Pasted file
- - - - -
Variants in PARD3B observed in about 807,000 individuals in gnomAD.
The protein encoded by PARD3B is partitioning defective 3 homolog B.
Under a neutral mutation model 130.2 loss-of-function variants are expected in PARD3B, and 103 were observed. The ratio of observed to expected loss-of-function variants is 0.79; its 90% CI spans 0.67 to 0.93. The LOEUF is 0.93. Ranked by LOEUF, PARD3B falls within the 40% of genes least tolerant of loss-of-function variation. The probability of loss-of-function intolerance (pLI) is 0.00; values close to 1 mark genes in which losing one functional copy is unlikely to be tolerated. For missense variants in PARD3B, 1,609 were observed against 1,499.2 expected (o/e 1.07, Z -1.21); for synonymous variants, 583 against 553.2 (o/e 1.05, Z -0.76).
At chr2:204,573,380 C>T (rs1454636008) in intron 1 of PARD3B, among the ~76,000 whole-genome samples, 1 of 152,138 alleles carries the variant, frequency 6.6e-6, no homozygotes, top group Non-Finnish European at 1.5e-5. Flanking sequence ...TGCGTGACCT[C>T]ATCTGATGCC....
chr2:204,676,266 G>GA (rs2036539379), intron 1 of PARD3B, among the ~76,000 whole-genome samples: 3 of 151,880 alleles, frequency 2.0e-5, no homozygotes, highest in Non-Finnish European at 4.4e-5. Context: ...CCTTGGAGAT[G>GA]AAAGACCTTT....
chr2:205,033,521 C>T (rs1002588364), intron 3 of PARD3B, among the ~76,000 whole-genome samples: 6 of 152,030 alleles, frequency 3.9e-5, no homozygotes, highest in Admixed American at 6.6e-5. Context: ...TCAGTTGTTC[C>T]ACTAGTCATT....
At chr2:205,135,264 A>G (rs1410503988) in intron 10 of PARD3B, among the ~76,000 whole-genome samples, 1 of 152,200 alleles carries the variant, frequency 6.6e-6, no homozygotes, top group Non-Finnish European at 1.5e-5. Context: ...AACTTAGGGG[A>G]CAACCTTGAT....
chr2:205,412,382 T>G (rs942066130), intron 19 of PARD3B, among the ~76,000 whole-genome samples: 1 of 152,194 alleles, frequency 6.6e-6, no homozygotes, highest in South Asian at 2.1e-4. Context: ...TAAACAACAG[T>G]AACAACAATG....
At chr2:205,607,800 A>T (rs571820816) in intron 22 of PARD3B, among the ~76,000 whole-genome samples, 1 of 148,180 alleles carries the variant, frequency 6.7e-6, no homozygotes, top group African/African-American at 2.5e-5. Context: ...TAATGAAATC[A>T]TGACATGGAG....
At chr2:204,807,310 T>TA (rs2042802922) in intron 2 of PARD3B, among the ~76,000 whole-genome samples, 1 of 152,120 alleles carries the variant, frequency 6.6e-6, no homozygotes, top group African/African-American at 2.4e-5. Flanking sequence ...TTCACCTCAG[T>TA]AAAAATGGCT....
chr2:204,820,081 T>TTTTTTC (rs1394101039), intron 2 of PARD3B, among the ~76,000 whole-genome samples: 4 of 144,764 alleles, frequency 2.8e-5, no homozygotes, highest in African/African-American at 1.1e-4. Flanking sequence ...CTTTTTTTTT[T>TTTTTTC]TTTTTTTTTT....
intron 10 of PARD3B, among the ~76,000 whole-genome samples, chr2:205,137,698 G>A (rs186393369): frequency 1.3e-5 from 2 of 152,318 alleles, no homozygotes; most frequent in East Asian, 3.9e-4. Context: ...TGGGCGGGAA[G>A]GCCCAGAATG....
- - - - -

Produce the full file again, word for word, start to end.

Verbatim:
Variants in PARD3B observed in about 807,000 individuals in gnomAD.
The protein encoded by PARD3B is partitioning defective 3 homolog B.
Under a neutral mutation model 130.2 loss-of-function variants are expected in PARD3B, and 103 were observed. The ratio of observed to expected loss-of-function variants is 0.79; its 90% CI spans 0.67 to 0.93. The LOEUF is 0.93. Ranked by LOEUF, PARD3B falls within the 40% of genes least tolerant of loss-of-function variation. The probability of loss-of-function intolerance (pLI) is 0.00; values close to 1 mark genes in which losing one functional copy is unlikely to be tolerated. For missense variants in PARD3B, 1,609 were observed against 1,499.2 expected (o/e 1.07, Z -1.21); for synonymous variants, 583 against 553.2 (o/e 1.05, Z -0.76).
At chr2:204,573,380 C>T (rs1454636008) in intron 1 of PARD3B, among the ~76,000 whole-genome samples, 1 of 152,138 alleles carries the variant, frequency 6.6e-6, no homozygotes, top group Non-Finnish European at 1.5e-5. Flanking sequence ...TGCGTGACCT[C>T]ATCTGATGCC....
chr2:204,676,266 G>GA (rs2036539379), intron 1 of PARD3B, among the ~76,000 whole-genome samples: 3 of 151,880 alleles, frequency 2.0e-5, no homozygotes, highest in Non-Finnish European at 4.4e-5. Context: ...CCTTGGAGAT[G>GA]AAAGACCTTT....
chr2:205,033,521 C>T (rs1002588364), intron 3 of PARD3B, among the ~76,000 whole-genome samples: 6 of 152,030 alleles, frequency 3.9e-5, no homozygotes, highest in Admixed American at 6.6e-5. Context: ...TCAGTTGTTC[C>T]ACTAGTCATT....
At chr2:205,135,264 A>G (rs1410503988) in intron 10 of PARD3B, among the ~76,000 whole-genome samples, 1 of 152,200 alleles carries the variant, frequency 6.6e-6, no homozygotes, top group Non-Finnish European at 1.5e-5. Context: ...AACTTAGGGG[A>G]CAACCTTGAT....
chr2:205,412,382 T>G (rs942066130), intron 19 of PARD3B, among the ~76,000 whole-genome samples: 1 of 152,194 alleles, frequency 6.6e-6, no homozygotes, highest in South Asian at 2.1e-4. Context: ...TAAACAACAG[T>G]AACAACAATG....
At chr2:205,607,800 A>T (rs571820816) in intron 22 of PARD3B, among the ~76,000 whole-genome samples, 1 of 148,180 alleles carries the variant, frequency 6.7e-6, no homozygotes, top group African/African-American at 2.5e-5. Context: ...TAATGAAATC[A>T]TGACATGGAG....
At chr2:204,807,310 T>TA (rs2042802922) in intron 2 of PARD3B, among the ~76,000 whole-genome samples, 1 of 152,120 alleles carries the variant, frequency 6.6e-6, no homozygotes, top group African/African-American at 2.4e-5. Flanking sequence ...TTCACCTCAG[T>TA]AAAAATGGCT....
chr2:204,820,081 T>TTTTTTC (rs1394101039), intron 2 of PARD3B, among the ~76,000 whole-genome samples: 4 of 144,764 alleles, frequency 2.8e-5, no homozygotes, highest in African/African-American at 1.1e-4. Flanking sequence ...CTTTTTTTTT[T>TTTTTTC]TTTTTTTTTT....
intron 10 of PARD3B, among the ~76,000 whole-genome samples, chr2:205,137,698 G>A (rs186393369): frequency 1.3e-5 from 2 of 152,318 alleles, no homozygotes; most frequent in East Asian, 3.9e-4. Context: ...TGGGCGGGAA[G>A]GCCCAGAATG....